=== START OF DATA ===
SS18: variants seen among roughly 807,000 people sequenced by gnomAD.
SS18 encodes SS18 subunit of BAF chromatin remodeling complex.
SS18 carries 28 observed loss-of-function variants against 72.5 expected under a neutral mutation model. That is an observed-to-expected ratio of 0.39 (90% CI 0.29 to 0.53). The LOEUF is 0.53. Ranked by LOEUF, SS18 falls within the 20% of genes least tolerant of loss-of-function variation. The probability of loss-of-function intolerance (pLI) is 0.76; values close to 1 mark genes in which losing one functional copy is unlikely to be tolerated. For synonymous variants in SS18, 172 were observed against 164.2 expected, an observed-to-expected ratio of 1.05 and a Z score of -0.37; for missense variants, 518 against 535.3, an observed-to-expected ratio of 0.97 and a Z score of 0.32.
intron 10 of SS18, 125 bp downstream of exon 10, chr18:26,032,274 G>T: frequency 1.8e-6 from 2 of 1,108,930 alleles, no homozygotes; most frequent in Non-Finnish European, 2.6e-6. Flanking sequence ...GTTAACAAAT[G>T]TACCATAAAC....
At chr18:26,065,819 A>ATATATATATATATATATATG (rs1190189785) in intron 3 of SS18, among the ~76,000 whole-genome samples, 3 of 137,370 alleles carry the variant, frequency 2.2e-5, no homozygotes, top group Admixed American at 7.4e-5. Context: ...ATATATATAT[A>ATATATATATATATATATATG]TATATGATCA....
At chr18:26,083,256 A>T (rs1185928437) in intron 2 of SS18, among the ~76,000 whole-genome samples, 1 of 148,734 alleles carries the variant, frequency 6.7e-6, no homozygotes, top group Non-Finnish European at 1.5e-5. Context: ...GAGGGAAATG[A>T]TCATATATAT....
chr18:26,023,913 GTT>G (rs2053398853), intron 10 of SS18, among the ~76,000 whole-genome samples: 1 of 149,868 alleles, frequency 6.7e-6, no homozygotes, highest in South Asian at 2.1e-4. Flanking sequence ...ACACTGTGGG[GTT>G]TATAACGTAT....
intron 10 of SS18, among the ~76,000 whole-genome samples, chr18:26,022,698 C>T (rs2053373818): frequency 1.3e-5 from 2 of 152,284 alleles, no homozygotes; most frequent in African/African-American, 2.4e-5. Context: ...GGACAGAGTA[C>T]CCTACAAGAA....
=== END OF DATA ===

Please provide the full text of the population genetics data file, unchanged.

SS18: variants seen among roughly 807,000 people sequenced by gnomAD.
SS18 encodes SS18 subunit of BAF chromatin remodeling complex.
SS18 carries 28 observed loss-of-function variants against 72.5 expected under a neutral mutation model. That is an observed-to-expected ratio of 0.39 (90% CI 0.29 to 0.53). The LOEUF is 0.53. Ranked by LOEUF, SS18 falls within the 20% of genes least tolerant of loss-of-function variation. The probability of loss-of-function intolerance (pLI) is 0.76; values close to 1 mark genes in which losing one functional copy is unlikely to be tolerated. For synonymous variants in SS18, 172 were observed against 164.2 expected, an observed-to-expected ratio of 1.05 and a Z score of -0.37; for missense variants, 518 against 535.3, an observed-to-expected ratio of 0.97 and a Z score of 0.32.
intron 10 of SS18, 125 bp downstream of exon 10, chr18:26,032,274 G>T: frequency 1.8e-6 from 2 of 1,108,930 alleles, no homozygotes; most frequent in Non-Finnish European, 2.6e-6. Flanking sequence ...GTTAACAAAT[G>T]TACCATAAAC....
At chr18:26,065,819 A>ATATATATATATATATATATG (rs1190189785) in intron 3 of SS18, among the ~76,000 whole-genome samples, 3 of 137,370 alleles carry the variant, frequency 2.2e-5, no homozygotes, top group Admixed American at 7.4e-5. Context: ...ATATATATAT[A>ATATATATATATATATATATG]TATATGATCA....
At chr18:26,083,256 A>T (rs1185928437) in intron 2 of SS18, among the ~76,000 whole-genome samples, 1 of 148,734 alleles carries the variant, frequency 6.7e-6, no homozygotes, top group Non-Finnish European at 1.5e-5. Context: ...GAGGGAAATG[A>T]TCATATATAT....
chr18:26,023,913 GTT>G (rs2053398853), intron 10 of SS18, among the ~76,000 whole-genome samples: 1 of 149,868 alleles, frequency 6.7e-6, no homozygotes, highest in South Asian at 2.1e-4. Flanking sequence ...ACACTGTGGG[GTT>G]TATAACGTAT....
intron 10 of SS18, among the ~76,000 whole-genome samples, chr18:26,022,698 C>T (rs2053373818): frequency 1.3e-5 from 2 of 152,284 alleles, no homozygotes; most frequent in African/African-American, 2.4e-5. Context: ...GGACAGAGTA[C>T]CCTACAAGAA....